Tell us a bit about yourself.
My name is Maria. I was born in the former USSR, in a household where making things by hand was something regular and necessary. As a little girl, I was drawing, painting and making doll clothes. Since then, I have had a special place in my heart for textiles, fabrics, patterns and prints. Now I live in the beautiful city of Sydney, where I moved with my son nearly 10 years ago to join my husband.
About a year and half ago, I got an opportunity to study textile design and printing at the local college. It was the best thing I have ever done, and BlueBerry Ash was the obvious next step. I design, hand print and make textiles and homewares. My products are made simply for people to enjoy – for crafters to make something special with, and for home lovers to decorate their space. I like to imagine all those homes where my products live after they’ve left my hands.
Apart from creating things, what do you do?
I am a mum and wife, and my family is the biggest part of my life. I like to take photographs, cook and draw. I enjoy watching fun movies with good endings and reading inspirational books. Laughing with my son and going for a walk with my husband are the two things that I love most. Sometimes, I go on adventures to satisfy the needs of my inner traveller. I walk around neighborhood, taking different streets and spotting things I have not seen before. I am also trying to blog, but I am definitely not a writer.
What would be the title of your memoir?
I don’t think I have grown enough to have a memoir, but it might be called something like Wanted To Do It All. I think the name speaks for itself.
Where does your inspiration come from?
It’s easier to say where it doesn’t come from! My inspiration literally comes from everywhere: nature, architecture, movies, fashion, photography, art, books, interiors, people’s life stories and journeys.
What does handmade mean to you?
Made from the heart. It’s something that has a sentimental value to the maker and something that has a story.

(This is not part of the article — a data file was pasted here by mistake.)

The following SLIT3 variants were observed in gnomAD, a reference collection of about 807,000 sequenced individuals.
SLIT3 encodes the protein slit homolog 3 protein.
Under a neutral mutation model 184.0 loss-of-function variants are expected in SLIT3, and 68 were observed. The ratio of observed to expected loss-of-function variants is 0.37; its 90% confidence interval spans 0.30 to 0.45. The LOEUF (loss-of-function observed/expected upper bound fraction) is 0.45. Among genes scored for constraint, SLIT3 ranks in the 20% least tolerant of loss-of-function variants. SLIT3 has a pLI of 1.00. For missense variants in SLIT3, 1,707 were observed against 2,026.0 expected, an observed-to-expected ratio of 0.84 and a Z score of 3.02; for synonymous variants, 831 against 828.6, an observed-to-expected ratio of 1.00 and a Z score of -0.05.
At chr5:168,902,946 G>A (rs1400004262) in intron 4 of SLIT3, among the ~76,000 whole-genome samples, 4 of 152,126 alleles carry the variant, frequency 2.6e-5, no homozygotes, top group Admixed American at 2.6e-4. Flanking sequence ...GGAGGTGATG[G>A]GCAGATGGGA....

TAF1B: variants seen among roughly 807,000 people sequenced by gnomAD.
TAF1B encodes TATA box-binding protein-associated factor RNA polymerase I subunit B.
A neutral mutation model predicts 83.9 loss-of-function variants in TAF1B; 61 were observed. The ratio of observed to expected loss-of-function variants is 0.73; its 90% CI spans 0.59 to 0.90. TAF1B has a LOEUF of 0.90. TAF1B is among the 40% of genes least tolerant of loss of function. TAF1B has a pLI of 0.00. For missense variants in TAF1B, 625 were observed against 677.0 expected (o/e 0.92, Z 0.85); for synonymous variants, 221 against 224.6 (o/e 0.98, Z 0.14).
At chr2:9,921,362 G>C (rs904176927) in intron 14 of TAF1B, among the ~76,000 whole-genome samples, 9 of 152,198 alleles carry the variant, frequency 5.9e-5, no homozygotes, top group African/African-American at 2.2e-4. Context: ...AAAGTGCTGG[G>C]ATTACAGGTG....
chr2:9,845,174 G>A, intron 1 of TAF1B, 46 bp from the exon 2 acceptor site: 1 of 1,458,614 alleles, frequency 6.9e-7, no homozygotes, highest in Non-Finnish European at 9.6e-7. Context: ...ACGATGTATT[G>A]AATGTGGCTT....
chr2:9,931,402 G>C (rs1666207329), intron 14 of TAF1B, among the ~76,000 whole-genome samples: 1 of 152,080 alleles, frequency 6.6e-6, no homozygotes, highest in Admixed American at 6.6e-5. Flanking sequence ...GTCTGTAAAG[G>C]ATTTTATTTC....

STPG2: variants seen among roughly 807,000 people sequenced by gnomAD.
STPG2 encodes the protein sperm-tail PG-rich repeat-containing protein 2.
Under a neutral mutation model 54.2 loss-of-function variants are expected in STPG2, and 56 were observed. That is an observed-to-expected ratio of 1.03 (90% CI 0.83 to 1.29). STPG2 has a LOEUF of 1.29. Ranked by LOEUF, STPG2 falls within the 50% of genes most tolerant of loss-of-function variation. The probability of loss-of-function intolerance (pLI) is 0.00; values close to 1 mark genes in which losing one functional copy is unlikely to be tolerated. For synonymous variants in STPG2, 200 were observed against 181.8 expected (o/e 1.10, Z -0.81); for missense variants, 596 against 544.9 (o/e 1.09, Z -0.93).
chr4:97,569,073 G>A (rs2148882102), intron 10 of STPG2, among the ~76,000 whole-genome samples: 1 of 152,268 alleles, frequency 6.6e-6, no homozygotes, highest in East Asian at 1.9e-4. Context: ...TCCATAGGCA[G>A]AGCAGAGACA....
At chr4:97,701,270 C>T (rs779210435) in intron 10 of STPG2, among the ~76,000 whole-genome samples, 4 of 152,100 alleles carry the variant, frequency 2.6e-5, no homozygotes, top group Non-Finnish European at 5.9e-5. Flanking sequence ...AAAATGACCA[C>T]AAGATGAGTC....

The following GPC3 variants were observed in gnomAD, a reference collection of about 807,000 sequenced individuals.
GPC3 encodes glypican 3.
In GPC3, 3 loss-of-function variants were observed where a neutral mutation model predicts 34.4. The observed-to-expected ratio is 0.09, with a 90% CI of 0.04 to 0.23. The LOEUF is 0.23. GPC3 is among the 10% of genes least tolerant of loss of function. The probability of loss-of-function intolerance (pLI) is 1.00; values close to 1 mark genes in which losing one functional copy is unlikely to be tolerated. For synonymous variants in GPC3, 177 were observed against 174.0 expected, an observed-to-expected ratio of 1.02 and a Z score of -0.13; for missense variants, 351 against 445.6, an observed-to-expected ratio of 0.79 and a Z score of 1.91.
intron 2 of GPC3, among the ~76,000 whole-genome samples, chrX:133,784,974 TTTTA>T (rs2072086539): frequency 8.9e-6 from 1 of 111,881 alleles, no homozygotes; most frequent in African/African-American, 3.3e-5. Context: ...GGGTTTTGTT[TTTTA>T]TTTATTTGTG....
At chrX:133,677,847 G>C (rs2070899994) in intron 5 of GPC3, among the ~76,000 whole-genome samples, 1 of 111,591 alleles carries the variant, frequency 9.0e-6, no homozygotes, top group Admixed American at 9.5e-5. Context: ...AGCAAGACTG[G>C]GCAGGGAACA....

Who has been most influential in your craft?
My mum, grandma, granddad and where I came from. My granddad could do anything. He was a woodcrafter, builder, gardener. He could do it all, from building houses with his bare hands to making a little cage for my hamster. I think he was the one who made me believe that anyone could make anything. I learned not to be afraid of work from him and my grandma. Whenever I hesitated to start working on something, my grandma used to say, “Your eyes are scared but hands are doing.” That stuck with me. I remember she was always doing something in the evenings: knitting; sewing; embroidering. My early memories of my mum are her sewing in the bedroom and me playing in piles of fabric cut offs.
When did you know you were an artist/maker?
I think I always knew I will be making something. Having been raised in a very creative environment, it would be surprising if I wasn’t creating something. As a teenager, I wanted to be a fashion designer and went to study dress and pattern making.
How would you describe your creative process?
First, I might draw, paint or photograph. Creating a mood board helps clarify my concept. Then I use Adobe Illustrator to repeat my doodles, and prepare the design for exposure on the screen. After the designs are exposed, I mix inks, buy fabrics and do test runs. Printing new designs or using new colors is a very exciting and satisfying step. Seeing my design come alive after all the work is truly rewarding. I try to print as many pieces as I can so I have sufficient amounts of fabric to sell, experiment with, and to make products. Designing and printing your own fabric is a slow process, but is amazingly satisfying and rewarding.
If you could peek inside the studio of any artist, designer or craftsman (dead or alive), who would it be?
William Morris, Josef Frank, Florence Broadhurst, Diane von Furstenberg, Amy Butler, Lotta Jansdotter, and many more.
What handmade possession do you most cherish?
I inherited lot of beautiful creations from my grandma, and I cherish them all. I think the table runner she hand-embroidered and stitched when she was young is the one I love the most. It brings back many happy memories.
How do you get out of your creative ruts?
Cleaning and organizing are the most useful remedies. Going for a long walk with my camera helps, too. Making long lists or planning with a cup of tea also brings my mind back on track.
Where would you like to be in ten years?
Traveling around the world, learning traditional textile techniques from crafters. I’d like to have my own studio where I will design, print and hold workshops. I would love to work on design and product development with a creative team of talented people. I also want to try designing rugs, stationery, dishware and wallpaper.